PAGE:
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NCA chief to stand down

The head of the National Crime Agency is retiring after 32 years in policing, creating a vacancy at the top of UK policing.

Dame Lynne Owens is to retire from the National Crime Agency after five years in charge.

Dame Lynne, who has been undergoing treatment for cancer during the summer, is standing down for further treatment.

The Home Secretary will appoint an interim Director General as soon as possible. That person will lead the NCA whilst a substantive successor is appointed through a competitive recruitment process.

She has been back at work but said: “I cannot, with integrity, conclude that it is in the interests of the Agency to leave it with such uncertainty in leadership.

“Similarly I recognise I need to create the time and space to heal physically and emotionally without the self-imposed pressure to return. I do not feel that my working life is over and I hope to contribute again in the future.”

She has led the NCA since January 2016 following a career that spanned three police forces, starting in 1989 when she joined the Metropolitan Police Service as a Constable. Prior to joining the NCA she was Chief Constable of Surrey Police.

During her leadership, the NCA has become a formidable organisation acting as the bridge between forces and the intelligence services, developing the response to cyber crime and tackling international gangs targeting the UK.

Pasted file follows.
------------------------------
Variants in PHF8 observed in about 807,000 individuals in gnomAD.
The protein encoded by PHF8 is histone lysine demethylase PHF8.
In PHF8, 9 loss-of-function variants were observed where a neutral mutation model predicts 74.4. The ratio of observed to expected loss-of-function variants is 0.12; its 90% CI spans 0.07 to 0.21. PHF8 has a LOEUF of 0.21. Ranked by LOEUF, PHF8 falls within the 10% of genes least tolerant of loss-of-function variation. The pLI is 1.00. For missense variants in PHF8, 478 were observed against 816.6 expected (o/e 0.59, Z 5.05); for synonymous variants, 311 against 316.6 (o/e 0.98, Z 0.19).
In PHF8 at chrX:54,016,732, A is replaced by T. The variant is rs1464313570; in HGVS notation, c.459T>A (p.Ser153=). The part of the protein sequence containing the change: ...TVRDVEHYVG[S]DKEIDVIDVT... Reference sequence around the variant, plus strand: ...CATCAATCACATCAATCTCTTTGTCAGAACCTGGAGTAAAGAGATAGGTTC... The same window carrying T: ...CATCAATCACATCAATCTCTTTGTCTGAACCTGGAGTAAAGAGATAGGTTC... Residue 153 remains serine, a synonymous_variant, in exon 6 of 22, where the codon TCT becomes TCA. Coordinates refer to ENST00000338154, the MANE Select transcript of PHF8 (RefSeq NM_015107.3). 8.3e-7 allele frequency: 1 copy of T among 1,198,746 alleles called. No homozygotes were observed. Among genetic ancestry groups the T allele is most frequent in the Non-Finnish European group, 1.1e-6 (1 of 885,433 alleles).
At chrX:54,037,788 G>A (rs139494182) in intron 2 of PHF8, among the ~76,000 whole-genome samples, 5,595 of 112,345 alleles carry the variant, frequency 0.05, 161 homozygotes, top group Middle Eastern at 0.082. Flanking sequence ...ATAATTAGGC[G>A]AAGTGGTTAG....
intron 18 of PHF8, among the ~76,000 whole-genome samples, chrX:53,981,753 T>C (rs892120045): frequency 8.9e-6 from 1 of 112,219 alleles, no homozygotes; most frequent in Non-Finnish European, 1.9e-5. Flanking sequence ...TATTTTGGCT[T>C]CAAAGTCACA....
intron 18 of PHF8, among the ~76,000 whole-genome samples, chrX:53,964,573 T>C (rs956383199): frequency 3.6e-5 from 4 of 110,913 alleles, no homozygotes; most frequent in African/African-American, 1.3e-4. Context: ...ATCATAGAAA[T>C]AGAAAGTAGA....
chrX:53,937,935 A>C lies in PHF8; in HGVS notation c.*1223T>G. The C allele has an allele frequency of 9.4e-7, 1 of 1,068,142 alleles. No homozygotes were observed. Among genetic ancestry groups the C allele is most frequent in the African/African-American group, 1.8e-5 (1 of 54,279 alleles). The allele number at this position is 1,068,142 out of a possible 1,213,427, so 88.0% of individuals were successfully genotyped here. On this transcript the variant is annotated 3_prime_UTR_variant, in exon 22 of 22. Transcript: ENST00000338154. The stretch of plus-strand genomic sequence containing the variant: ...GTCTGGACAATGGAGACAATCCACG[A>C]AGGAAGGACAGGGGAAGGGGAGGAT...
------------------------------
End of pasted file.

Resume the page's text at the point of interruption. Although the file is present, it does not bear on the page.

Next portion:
In the last financial year (2020-21) the NCA had its most successful twelve months to date achieving an almost 40 per cent increase in disruptions compared to the previous year, against the challenging backdrop of the Covid-19 pandemic.

Dame Lynne said: “There is no doubt in my mind that the National Crime Agency will continue to go from strength to strength.

“Our outstanding officers work tirelessly to protect the public from serious and organised crime, sometimes in the shadows and with a contribution that is less visible to the public eye.”

She said: “We have worked hard to share some of our superb results and I know that the UK; its citizens, communities and businesses are safer as a result of their actions both here and abroad. I am so proud of them and all they do.”

The Permanent Secretary at the Home Office, Matthew Rycroft said: “I have worked with Lynne on a daily basis: she is passionately committed to the fight against organised crime. I know that she has not taken the decision to step down lightly, but she has decided that it is in the best interests of the NCA for her to do so.

“This is characteristic of her integrity and sense of duty. I will miss her straightforward approach and expert advice, reflecting her very considerable experience over 30 years in law enforcement, including as Chief Constable of Surrey Police. All of us will miss Lynne and wish her well for her surgery.”

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